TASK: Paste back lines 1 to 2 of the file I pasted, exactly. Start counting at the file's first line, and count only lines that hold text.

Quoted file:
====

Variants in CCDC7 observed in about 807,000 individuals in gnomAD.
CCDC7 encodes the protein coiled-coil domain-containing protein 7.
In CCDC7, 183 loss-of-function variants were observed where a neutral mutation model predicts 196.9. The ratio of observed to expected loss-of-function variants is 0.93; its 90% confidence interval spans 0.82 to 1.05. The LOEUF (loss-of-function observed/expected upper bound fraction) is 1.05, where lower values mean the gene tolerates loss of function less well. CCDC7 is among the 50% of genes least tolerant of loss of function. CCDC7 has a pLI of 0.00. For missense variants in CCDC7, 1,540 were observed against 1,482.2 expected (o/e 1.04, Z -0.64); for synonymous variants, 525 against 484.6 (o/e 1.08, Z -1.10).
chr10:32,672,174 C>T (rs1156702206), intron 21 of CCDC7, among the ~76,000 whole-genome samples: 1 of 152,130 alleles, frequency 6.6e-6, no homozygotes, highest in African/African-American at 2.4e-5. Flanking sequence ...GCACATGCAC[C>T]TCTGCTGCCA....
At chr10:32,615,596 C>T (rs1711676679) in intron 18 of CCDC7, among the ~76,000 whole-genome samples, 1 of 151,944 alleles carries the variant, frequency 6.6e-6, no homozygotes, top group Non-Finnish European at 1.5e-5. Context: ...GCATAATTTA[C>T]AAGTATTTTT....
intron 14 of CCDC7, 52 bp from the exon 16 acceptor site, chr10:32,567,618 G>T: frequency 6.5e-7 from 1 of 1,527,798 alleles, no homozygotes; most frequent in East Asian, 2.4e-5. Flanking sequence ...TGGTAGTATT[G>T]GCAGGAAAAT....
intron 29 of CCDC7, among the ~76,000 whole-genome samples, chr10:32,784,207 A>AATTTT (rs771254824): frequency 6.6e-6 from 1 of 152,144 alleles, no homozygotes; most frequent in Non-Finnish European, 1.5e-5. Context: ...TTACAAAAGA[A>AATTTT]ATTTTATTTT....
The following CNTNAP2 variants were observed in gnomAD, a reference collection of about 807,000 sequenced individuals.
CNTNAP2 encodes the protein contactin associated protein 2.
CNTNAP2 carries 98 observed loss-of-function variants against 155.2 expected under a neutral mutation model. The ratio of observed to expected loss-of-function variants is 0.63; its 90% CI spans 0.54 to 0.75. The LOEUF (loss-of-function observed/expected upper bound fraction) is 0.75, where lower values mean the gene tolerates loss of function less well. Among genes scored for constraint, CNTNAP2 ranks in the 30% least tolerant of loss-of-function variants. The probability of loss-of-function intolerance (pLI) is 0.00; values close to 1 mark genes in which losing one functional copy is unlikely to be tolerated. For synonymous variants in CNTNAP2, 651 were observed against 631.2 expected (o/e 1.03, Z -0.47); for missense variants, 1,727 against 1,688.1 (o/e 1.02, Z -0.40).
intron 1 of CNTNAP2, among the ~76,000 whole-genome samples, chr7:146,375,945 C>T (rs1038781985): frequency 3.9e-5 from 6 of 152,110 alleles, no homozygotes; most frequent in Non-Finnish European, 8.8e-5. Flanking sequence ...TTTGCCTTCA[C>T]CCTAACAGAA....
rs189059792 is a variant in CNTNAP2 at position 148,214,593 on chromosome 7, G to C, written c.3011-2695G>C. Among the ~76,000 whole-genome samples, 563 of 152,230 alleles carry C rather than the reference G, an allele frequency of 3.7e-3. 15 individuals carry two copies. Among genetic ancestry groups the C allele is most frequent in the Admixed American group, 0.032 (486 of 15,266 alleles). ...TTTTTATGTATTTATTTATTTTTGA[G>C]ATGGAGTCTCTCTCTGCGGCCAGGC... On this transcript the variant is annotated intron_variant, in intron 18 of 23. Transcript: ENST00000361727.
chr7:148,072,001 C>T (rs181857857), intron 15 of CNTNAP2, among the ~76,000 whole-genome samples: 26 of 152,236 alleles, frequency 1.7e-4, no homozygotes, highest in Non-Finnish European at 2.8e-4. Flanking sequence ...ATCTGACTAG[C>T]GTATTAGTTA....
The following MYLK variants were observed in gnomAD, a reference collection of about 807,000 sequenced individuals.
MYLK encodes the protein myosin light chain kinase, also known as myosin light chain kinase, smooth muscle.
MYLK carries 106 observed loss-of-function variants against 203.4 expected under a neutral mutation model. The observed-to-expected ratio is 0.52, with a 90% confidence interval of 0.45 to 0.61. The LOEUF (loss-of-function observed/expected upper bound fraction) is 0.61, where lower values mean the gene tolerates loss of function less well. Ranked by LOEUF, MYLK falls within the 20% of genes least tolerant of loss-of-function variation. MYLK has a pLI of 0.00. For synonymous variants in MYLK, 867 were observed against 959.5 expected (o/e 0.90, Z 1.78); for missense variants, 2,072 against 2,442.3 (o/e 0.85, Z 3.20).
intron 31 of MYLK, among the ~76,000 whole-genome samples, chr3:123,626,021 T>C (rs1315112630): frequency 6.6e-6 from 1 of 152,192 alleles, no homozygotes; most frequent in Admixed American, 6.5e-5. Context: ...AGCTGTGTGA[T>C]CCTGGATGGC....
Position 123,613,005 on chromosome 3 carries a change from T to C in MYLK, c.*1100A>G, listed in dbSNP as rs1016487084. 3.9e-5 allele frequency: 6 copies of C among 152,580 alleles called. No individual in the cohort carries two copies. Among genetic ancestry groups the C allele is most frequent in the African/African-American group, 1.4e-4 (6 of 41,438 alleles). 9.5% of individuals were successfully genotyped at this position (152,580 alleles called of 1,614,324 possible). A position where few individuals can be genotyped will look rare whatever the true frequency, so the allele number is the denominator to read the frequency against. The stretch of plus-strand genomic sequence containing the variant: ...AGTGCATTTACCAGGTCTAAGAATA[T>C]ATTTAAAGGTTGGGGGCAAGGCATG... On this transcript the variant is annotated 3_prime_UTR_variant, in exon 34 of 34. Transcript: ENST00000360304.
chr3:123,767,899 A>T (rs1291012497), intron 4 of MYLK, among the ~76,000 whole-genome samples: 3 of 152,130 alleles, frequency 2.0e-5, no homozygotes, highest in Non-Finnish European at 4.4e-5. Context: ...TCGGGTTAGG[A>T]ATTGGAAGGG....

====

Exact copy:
Variants in CCDC7 observed in about 807,000 individuals in gnomAD.
CCDC7 encodes the protein coiled-coil domain-containing protein 7.